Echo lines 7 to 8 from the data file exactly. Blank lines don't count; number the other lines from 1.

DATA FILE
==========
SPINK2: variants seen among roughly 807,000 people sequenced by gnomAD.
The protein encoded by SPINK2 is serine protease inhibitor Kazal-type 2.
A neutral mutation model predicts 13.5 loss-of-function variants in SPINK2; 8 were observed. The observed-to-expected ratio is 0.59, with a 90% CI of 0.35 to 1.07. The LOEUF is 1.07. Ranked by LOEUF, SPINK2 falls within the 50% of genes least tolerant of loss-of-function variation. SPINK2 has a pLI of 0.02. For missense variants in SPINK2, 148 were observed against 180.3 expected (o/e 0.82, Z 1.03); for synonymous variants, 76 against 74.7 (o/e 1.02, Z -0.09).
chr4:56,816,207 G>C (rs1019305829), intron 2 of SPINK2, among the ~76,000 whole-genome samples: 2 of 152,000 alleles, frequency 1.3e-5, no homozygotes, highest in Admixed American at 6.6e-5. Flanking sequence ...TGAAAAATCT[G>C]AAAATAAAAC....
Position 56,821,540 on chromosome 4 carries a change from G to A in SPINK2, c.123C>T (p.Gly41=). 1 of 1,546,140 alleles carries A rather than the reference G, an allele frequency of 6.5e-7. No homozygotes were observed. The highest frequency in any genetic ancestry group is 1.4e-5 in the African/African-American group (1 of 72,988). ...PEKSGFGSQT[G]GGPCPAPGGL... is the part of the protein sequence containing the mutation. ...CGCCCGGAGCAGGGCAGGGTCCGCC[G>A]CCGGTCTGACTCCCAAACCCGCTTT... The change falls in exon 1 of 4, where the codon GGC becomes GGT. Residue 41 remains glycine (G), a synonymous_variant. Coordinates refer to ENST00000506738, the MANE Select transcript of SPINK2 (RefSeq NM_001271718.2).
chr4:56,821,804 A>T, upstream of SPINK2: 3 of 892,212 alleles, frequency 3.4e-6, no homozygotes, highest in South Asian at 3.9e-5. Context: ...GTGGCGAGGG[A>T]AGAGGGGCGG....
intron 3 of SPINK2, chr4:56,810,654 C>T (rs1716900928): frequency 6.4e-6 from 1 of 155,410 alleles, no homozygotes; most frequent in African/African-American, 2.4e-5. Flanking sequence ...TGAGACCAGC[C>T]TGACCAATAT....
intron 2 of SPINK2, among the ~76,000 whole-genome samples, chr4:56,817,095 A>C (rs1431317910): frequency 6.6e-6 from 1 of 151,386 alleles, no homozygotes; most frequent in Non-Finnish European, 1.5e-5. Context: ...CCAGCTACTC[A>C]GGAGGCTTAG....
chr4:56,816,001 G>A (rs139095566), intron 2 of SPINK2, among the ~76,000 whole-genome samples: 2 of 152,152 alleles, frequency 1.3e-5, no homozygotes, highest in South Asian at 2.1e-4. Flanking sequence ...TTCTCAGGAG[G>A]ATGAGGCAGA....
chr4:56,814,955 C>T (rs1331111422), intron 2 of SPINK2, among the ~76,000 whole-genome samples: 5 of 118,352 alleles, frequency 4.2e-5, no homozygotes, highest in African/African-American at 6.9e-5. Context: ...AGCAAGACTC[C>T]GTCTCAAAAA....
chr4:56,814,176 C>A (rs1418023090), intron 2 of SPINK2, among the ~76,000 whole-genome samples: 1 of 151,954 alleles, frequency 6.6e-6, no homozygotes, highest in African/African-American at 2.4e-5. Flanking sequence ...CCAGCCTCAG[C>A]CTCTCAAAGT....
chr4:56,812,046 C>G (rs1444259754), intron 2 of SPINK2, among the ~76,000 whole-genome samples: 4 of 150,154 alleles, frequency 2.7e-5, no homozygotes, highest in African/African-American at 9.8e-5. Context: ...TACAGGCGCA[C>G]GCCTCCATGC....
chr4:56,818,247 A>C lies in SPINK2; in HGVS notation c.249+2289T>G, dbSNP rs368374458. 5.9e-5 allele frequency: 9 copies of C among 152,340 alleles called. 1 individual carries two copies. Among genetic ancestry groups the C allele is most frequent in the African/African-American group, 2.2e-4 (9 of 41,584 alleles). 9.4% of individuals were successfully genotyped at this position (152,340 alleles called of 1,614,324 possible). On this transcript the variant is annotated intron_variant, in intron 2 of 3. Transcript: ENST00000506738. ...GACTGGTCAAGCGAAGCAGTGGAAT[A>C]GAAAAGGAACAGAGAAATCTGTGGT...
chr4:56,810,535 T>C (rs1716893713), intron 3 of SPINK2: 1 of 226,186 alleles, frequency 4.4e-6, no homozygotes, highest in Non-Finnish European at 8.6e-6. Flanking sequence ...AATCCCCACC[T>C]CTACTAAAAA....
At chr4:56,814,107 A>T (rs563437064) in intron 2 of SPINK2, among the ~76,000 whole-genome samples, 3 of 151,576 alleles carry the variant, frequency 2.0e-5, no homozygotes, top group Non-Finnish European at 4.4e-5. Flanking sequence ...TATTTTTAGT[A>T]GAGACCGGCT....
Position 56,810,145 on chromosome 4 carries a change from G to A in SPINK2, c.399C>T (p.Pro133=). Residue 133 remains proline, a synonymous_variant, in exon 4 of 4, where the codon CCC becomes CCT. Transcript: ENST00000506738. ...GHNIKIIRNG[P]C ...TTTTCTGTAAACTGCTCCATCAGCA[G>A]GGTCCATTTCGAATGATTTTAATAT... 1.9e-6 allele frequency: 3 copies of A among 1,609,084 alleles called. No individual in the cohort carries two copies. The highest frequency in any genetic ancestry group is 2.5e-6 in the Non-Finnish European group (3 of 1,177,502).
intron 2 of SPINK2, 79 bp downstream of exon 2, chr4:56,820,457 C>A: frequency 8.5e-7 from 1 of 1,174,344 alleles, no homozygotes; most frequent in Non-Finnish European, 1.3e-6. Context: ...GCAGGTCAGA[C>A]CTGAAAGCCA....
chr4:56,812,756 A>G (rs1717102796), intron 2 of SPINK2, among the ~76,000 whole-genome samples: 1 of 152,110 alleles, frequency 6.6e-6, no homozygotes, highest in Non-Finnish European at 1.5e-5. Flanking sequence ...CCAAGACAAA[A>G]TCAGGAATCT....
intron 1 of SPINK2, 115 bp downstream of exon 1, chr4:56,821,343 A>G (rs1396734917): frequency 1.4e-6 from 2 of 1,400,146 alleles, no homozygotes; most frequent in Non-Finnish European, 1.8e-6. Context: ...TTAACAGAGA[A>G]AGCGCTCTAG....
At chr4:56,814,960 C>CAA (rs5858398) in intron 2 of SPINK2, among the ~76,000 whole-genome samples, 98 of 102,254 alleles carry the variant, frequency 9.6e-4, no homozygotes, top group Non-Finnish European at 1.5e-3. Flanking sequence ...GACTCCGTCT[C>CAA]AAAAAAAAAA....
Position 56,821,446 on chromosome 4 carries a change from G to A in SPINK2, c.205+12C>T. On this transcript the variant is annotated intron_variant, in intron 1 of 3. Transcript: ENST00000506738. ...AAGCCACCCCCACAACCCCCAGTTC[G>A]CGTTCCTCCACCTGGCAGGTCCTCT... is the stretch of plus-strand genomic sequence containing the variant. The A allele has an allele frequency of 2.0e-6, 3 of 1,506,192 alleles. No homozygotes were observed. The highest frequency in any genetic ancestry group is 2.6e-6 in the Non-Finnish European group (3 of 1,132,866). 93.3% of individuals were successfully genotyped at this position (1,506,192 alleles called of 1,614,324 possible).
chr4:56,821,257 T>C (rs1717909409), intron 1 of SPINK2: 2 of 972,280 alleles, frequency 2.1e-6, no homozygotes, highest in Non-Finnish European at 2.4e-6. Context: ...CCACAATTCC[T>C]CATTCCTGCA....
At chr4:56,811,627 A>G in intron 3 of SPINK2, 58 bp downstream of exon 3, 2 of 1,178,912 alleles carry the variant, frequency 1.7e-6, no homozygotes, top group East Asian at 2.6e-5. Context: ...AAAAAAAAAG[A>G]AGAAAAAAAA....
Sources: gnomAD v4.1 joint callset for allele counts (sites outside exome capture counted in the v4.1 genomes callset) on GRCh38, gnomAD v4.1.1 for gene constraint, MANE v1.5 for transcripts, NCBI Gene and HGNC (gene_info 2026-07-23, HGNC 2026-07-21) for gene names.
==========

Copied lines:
intron 3 of SPINK2, chr4:56,810,654 C>T (rs1716900928): frequency 6.4e-6 from 1 of 155,410 alleles, no homozygotes; most frequent in African/African-American, 2.4e-5. Flanking sequence ...TGAGACCAGC[C>T]TGACCAATAT....
intron 2 of SPINK2, among the ~76,000 whole-genome samples, chr4:56,817,095 A>C (rs1431317910): frequency 6.6e-6 from 1 of 151,386 alleles, no homozygotes; most frequent in Non-Finnish European, 1.5e-5. Context: ...CCAGCTACTC[A>C]GGAGGCTTAG....